Atlanta pitches what's new, but there's history, too

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Approaching Atlanta on the interstate, it's the towering skyline that visitors first see. A mix of beaux arts and modernism, the spectacle is what I expected from a city that, according to my guidebook, is the economic and cultural center of the South.

That's a heavy reputation to live up to, but Atlanta delivers. Consider the new Georgia Aquarium, billed as the world's largest aquarium: It is designed to accommodate up to six 20-foot whale sharks. The aquarium, home to more than 100,000 animals in five exhibition areas, drew 3.6 million visitors in its first year.

Sitting at the north end of Centennial Olympic Park, the aquarium is next door to the relocated World of Coca-Cola, presenting a bubbly array of Coke-related artifacts, theatrics, pop art and drink samples. It is just minutes from CNN Center, heart of the Turner Broadcasting empire.

With such emphasis on new attractions, Atlanta is perceived to be a destination that has paid scant attention to the past. Nevertheless, landmarks such as the Margaret Mitchell House and a damaged lamppost from the Battle of Atlanta exist. Visitors should head for the Buckhead district and its Atlanta History Center, the crown jewel of Civil War museums.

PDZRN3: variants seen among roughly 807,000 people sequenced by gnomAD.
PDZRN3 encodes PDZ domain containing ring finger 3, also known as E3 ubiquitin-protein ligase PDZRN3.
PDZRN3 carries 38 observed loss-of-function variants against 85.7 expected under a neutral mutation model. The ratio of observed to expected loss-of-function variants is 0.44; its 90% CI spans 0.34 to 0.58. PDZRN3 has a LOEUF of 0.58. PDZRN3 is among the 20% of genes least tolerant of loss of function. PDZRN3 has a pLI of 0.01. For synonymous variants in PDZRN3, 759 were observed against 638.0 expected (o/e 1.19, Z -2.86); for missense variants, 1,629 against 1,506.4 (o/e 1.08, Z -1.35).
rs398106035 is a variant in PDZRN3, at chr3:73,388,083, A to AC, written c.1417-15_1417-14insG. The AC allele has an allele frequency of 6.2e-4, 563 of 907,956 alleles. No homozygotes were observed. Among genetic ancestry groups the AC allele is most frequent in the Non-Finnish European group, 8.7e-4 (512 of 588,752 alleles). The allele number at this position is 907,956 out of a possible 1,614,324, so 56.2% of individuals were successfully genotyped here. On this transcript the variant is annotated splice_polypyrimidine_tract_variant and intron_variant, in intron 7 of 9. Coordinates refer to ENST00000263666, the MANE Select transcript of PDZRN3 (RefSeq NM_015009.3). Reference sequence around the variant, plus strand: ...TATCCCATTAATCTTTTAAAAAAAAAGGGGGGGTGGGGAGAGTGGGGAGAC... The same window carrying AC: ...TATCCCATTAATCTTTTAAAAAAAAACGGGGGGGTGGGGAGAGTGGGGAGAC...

The center is included in CityPass and the Atlanta Tourist Loop, a low-cost bus service, that accesses this and other more remote destinations alongside the municipal rail system, better known as MARTA.

Atlanta is home to a rich African-American fabric. The pre-eminent destination is the Martin Luther King Jr. National Historic Site, encompassing the King Center for Nonviolent Social Change and the King birth home on Audubon Avenue. The library and archives house the world's largest collection of information on the civil rights movement as well as King's marble tomb.

Another Nobel Peace Prize laureate, former President (and Georgia Gov.) Jimmy Carter, also has close ties to the city. His library and museum occupies a hilltop with splendid views of the Atlanta skyline. The facility touches upon the main issues of Carter's presidency, including energy, the environment and relations with China.

As for high art, there's no better bet than the High Museum of Art, a gleaming, white, Richard Meir-designed masterpiece. Described as both classical and ultramodern, the seemingly contradictory design elements are apt for a city proud of its past but living in the present and looking forward.

Visit www.atlanta.net/tourtravel/index.html.

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